This week Mum has been up and down, sometimes clear sometimes not. We were chatting about my bracelet that she and Mrs T got me for my birthday. It is a Lovelinks one where you can attach charms and glass beads and I love it. I wanted to get something from Mum as a sort of special Mum reminder. Daft I know. Its not like I really need that but it had sort of got into my head and I loved the idea. So we talked about the different beads and I mentioned one I liked was the panda and baby one. I said it reminded me of the WWf and she got it straight away, “O that’s about who we were” she said. I like another one too with “mum” on one side and “I love you” on the other it goes both ways. Anyway my panda arrived yesterday and is on my bracelet. it will always mean something special that we both knew what it was about.



Taking care of Mum – another step on the journey


Mum had a small stroke today. Another TIA. Amazing how proficient we become at terminology, TIA’s, UTI’s, pressure sores, not mobilising, difficulty transferring. The language of nurses of care of old age and medicalisation. But I am very grateful for the care she has. Today it has meant than rather than have to go into hospital where, undoubtably on grim past experiences, she would become dehydrated overnight swiftly followed by infection and psychosis, she has stayed at home in her own room.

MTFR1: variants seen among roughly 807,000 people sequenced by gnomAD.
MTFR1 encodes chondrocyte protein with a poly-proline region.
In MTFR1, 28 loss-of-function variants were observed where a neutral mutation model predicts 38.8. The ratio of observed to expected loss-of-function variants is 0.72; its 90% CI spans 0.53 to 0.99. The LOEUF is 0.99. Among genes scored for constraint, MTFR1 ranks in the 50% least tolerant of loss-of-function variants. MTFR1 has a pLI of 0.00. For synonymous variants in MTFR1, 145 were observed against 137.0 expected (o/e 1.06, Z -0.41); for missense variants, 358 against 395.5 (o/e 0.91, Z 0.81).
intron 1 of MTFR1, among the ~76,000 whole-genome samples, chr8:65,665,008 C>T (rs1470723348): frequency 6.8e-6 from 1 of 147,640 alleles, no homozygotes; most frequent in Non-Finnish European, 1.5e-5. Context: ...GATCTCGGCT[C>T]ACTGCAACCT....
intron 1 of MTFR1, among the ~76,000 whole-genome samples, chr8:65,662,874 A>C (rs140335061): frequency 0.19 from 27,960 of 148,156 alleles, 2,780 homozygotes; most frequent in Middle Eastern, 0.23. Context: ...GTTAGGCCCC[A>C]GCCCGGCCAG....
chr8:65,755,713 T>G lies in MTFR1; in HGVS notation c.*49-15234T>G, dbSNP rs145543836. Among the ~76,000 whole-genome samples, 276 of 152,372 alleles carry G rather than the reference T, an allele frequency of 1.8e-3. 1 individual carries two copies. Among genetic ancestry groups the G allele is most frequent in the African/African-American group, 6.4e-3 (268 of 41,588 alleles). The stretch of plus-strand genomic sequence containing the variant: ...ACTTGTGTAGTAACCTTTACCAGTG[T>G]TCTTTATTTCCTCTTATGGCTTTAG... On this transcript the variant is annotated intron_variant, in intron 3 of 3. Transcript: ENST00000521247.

I was at work when I got the call to tell me that the paramedics had been out to see her. At first I was calm, logically there was nothing I could do right then. She was well cared for and sleepy/ half conscious. I would finish my afternoon at work then go to see her. 45 minutes later my head was in the shed and I had a little fall apart. That’s pretty good for me. Sometimes my delayed reaction response spans a day or two, even longer. So my fabulous colleagues packed me up and sent me off to deal with the important stuff in my life whilst they dealt with the important stuff in the lives of people I couldn’t deal with today. As the missus said tonight, ‘That’s why we work in teams!”